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Understanding the Accreditation of Nursing Transition of Practice Programs

This blog post is an excerpt from our recent eBook, Do You Do a Good Job Transitioning Nurses to New Practice Settings? CHRISTUS St. Elizabeth and ANCC Show Benefits of an Accredited Nurse Residency Program.

The American Nurses Credentialing Center (ANCC) recognizes excellence among individual nurses, as well as healthcare organizations. Since 2014, the ANCC has offered accreditation of nurse residency, RN fellowship, and APRN fellowship programs.

The Practice Transition Accreditation Program (PTAP)™ uses evidence-based criteria to accredit programs that demonstrate excellence in transitioning nurses to practice settings. PTAP Director Sheri Cosme, DNP, RN-BC explains that the ANCC offers three designations. “RN residencies are for nurses with less than 12 months’ experience, RN fellowships are for experienced nurses mastering new clinical settings, and APRN fellowships are for newly certified advanced practice nurses.”

A Demonstration of Investment in the Nursing Workforce

“ANCC can credential any type of program where a nurse is transitioning, that has prepares nurses for that transition. PTAP is one way a hospital can tell the public, its nurses, potential nurse employees, and physicians that it has achieved excellence in its transition to practice programs.”

Nurse residency programs offer a much-needed opportunity for new nurses to transition to roles in specialized areas such as critical care, obstetrics, pediatrics, and surgical specialties.

Up to 15% of the nursing staff in an average hospital are new graduate nurses within their first year of practice. With as many as 17% of new graduate nurses leaving their jobs within the first year and 31% within the second year, nurse leaders believe residency programs will play a huge role in improving retention. Considering that hospitals spend $85,000 per nurse turnover annually, retention of new nurses can mean a significant healthcare cost savings.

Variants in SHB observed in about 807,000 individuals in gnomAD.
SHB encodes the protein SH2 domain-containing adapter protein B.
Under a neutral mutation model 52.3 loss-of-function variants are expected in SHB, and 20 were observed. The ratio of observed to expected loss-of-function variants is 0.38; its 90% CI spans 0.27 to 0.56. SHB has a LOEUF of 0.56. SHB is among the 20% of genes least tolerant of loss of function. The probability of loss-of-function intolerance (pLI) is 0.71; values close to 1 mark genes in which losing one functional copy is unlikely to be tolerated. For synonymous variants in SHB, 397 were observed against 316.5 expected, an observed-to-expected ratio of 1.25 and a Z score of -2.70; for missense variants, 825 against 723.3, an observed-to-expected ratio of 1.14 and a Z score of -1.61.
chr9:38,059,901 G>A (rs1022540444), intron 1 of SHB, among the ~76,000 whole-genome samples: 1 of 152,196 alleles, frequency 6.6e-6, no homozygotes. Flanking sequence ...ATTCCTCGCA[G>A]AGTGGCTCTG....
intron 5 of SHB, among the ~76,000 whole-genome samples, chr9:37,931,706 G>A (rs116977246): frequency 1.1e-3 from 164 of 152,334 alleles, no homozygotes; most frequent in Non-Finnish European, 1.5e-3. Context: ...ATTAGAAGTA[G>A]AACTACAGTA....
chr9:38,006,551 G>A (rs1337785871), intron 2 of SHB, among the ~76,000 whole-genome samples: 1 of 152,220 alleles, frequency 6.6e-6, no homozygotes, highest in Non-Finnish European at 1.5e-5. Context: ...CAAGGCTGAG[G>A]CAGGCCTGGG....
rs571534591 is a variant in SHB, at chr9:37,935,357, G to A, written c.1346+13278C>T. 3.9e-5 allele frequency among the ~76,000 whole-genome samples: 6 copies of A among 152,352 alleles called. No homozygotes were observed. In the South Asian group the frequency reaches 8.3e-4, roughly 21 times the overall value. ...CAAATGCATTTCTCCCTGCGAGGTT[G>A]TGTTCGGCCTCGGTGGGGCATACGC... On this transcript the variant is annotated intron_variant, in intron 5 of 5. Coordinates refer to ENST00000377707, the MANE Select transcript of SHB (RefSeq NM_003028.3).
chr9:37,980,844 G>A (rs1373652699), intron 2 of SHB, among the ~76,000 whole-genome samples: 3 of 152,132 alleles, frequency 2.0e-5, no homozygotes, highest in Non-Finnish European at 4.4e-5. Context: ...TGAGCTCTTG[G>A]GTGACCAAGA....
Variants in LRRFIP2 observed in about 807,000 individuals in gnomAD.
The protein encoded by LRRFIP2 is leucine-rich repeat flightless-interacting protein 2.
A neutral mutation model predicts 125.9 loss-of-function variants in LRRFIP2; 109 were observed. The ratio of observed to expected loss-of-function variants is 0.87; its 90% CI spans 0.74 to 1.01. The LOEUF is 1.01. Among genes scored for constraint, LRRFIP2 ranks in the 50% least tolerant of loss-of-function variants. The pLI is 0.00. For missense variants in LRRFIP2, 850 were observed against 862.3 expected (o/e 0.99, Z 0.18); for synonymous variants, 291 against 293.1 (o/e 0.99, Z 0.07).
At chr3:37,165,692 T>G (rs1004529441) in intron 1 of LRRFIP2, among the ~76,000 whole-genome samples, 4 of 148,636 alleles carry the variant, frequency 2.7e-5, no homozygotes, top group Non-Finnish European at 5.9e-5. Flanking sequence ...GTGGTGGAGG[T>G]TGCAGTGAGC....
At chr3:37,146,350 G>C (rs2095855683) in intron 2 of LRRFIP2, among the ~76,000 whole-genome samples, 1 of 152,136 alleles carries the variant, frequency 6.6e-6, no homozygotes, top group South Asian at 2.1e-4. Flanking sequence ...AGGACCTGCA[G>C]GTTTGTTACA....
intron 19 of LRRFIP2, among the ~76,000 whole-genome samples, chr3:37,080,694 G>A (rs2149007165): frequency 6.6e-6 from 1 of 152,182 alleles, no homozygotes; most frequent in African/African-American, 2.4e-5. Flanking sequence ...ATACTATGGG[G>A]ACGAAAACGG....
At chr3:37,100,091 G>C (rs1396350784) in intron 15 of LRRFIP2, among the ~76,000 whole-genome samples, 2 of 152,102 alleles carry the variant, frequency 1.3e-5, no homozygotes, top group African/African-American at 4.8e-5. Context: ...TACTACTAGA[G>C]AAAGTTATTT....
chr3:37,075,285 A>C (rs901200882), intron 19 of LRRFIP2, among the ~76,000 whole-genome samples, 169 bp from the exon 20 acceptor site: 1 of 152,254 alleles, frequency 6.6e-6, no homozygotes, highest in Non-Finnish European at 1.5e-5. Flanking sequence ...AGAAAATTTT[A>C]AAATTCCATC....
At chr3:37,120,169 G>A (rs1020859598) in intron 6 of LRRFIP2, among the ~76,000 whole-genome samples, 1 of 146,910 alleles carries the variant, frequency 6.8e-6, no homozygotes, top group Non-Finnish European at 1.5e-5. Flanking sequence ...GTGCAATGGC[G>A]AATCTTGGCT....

The Accreditation Process

PTAP looks at the entire transition period from day one of hire until the end of the program. Sheri says accreditation is an effective way of keeping nurses within their organizations. To be accredited, programs must have strong development and design principles. “Basically, they must have the right people in the right spot on the bus, and they must collect outcomes that measure the success of their program,” says Sheri. “Accreditation is about the competence of the nurse at the bedside. PTAP standards assess what happens on nursing units with preceptors,” she adds.

“To be accredited ‘with distinction,’ the program not only meets the standards with no progress reports, but it also demonstrates innovation or exemplary practice.”

The accreditation process has several phases: the application, self-study, quantitative review, qualitative review, virtual visit, and then a final report to our 15-member commission on accreditation. The commission members have expertise in transition of practice, leadership roles, continuing education, and interprofessional education.

A subsequent post will include advice for organizations considering accreditation.

About Our Expert

Sheri Cosme, DNP, RN-BC is the director of The Practice Transition Accreditation Program (PTAP)™ at the American Nurses Credentialing Center (ANNC). HealthStream spoke with Dr. Cosme recently about accrediting nurse residencies and other transition of practice programs. For providers hoping to establish a nurse residency program for new graduate nurses, HealthStream’s Nurse Residency Pathway offers a structured yet flexible program designed to address the challenges faced by new graduate nurses. The pathway helps to close the academic-to-practice gap, so that hospitals can retain safe, competent, and confident nurses who are prepared to continue their professional growth.

Access the full eBook here.

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